by Julia Frisbie
posted April 19, 2022
Last week I shared my “why” for saving seed: I do it because it deepens my relationships with the plants that feed my family, and becoming a midwife for their next generation is the most powerful act of reciprocity I can muster. Just in case that resonates with you, today I’d like to share a little bit about the “how.”
Plants choose their families and usher in the new generation in many diverse and beautiful ways. (So, too, with humans, but plants manage it with a whole lot less judgment, which we’d do well to emulate. As Robin Wall Kimmerer reminds us, “They’ve been on the earth far longer than we have been, and have had time to figure things out.”) If you want to save seeds, you need to know who you’re working with and how they usually do things.
So, if the first step is to love plants, the next step is to learn about them. I made the following flowchart about what questions to ask. Humans and the plants who provide us food and medicine have been doing this reciprocal seed-saving dance since time immemorial, so if this feels overwhelming, rest assured: the answers are out there! Google works great, but if you share my passion for reference books, here are some of my favorites on the topic:
- Seed to Seed by Suzanne Ainsworth
- The Seed Garden published by Seed Savers Exchange
- Breed Your Own Vegetable Varieties by Carol Deppe
This sixth item is an especially interesting point to consider. Any breeding project is a process of selection over many generations. You can do this selection by hand– for example, by removing heads of lettuce that bolt early before their pollen is added to your lettuce gene pool, thus selecting over time for slower-bolting lettuce. If you breed for taste, you have to sample many individuals before deciding which ones to keep in the gene pool. (My friend Jay works for a seed company and gets paid to travel all over the place pulling up carrots and biting off the bottom part of the root! If they taste good, he puts the rest of the carrot back into the ground so that it can make seed.) It’s always a good policy to remove sick-looking plants, or plants displaying any undesirable characteristic, by hand.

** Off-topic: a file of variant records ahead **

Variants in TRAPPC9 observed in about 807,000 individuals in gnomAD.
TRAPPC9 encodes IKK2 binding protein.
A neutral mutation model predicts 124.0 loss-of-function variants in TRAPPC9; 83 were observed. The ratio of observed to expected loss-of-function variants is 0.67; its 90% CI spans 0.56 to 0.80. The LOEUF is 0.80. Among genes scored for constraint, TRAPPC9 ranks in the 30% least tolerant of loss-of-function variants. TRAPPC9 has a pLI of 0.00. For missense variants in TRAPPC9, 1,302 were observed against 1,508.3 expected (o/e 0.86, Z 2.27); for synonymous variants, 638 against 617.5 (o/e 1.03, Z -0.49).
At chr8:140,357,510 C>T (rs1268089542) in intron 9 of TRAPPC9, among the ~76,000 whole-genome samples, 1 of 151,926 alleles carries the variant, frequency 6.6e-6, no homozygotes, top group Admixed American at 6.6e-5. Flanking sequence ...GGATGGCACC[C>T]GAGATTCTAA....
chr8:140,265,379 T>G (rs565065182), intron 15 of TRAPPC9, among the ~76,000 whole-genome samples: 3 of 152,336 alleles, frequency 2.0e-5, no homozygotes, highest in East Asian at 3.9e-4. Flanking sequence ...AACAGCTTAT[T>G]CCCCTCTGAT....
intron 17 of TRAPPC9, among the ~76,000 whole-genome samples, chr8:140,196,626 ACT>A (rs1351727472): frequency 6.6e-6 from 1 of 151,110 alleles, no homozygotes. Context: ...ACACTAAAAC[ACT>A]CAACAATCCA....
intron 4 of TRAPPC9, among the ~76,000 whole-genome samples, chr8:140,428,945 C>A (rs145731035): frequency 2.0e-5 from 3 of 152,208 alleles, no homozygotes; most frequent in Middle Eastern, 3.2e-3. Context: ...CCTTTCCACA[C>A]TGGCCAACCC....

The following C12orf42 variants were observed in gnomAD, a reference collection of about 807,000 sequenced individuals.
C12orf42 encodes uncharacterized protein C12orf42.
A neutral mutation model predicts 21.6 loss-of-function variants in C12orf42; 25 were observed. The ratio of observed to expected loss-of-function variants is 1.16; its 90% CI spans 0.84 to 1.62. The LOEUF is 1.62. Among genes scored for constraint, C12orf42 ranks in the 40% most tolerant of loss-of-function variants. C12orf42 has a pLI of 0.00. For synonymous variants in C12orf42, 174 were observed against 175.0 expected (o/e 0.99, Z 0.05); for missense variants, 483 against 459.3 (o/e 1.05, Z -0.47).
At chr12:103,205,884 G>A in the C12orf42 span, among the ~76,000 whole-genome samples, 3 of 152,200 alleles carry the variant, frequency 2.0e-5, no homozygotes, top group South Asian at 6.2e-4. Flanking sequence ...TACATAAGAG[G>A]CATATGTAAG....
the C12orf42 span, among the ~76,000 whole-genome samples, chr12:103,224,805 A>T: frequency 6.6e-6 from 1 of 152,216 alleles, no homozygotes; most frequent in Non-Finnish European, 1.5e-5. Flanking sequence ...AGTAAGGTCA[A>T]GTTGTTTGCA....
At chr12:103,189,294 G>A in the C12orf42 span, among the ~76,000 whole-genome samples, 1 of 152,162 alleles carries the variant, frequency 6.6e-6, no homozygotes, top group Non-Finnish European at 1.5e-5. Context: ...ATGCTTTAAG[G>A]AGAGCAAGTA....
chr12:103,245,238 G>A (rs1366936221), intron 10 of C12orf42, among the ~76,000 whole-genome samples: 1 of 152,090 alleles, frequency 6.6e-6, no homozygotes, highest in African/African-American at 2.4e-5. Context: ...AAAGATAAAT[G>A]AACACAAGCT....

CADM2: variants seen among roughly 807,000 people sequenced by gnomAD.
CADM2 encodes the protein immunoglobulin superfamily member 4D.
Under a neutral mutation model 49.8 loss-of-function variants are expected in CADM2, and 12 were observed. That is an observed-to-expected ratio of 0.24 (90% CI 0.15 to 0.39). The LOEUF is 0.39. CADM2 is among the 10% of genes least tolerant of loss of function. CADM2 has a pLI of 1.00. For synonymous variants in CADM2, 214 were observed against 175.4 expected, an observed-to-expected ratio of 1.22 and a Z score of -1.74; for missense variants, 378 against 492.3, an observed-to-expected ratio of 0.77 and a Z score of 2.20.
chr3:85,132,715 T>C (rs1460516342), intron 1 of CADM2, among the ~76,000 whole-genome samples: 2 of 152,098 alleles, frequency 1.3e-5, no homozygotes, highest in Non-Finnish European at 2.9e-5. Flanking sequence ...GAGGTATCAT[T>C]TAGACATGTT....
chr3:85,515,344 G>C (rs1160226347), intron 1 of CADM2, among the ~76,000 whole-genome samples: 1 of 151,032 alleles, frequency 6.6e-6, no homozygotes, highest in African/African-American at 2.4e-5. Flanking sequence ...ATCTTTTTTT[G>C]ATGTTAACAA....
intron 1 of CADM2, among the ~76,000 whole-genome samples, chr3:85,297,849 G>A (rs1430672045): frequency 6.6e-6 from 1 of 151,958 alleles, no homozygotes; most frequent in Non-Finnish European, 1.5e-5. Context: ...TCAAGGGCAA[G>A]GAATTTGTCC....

You can also select by simply creating the conditions that you want to breed towards, planting a bunch of individuals, and saving seeds only from the individuals who survive those conditions. To give a few examples of this strategy, I’m breeding towards dry bush beans that are happy playing in the shade at the feet of my tomatoes and dahlias, because it’s unlikely in my very small space that they’ll ever get their own dedicated plot. I’m also breeding towards drought-tolerant tomatoes, because my ancestors practiced dryland farming, and as we see more and more summer droughts I think it’s important to waste as little water as possible. (Plus, dryland tomatoes taste sweeter!) To do this, I leave the tomatoes off the drip irrigation system and only water them a little by hand when it seems like they might die otherwise. Both of these projects lead to lower yields in the short run, because I’m not creating ideal conditions for my beans or tomatoes. But they’ll lead to increased yields over the long run in the conditions I’m working with.
Of course, I’m always breeding towards resilience to suboptimal conditions, because… well… I’m not a perfect gardener! But I think that’s a superpower that all less-than-perfect gardeners should embrace. In this time of climate chaos, we need resilience more than perfect uniformity in our plants, our gardens, our bodies and minds, our families, and our communities. Because of their brilliant diversity, plants are the first healers to arrive on wounded soil and start the restoration process. “Bring me with you!” I want to say. “Let me sit at your feet and watch you work. I need to learn how.” This intimacy is captured within the word midwife, which has roots in Old English meaning with woman. Becoming a midwife to plants is a good way to spend time with them. As we learn how they live, we learn more about how we should live, too.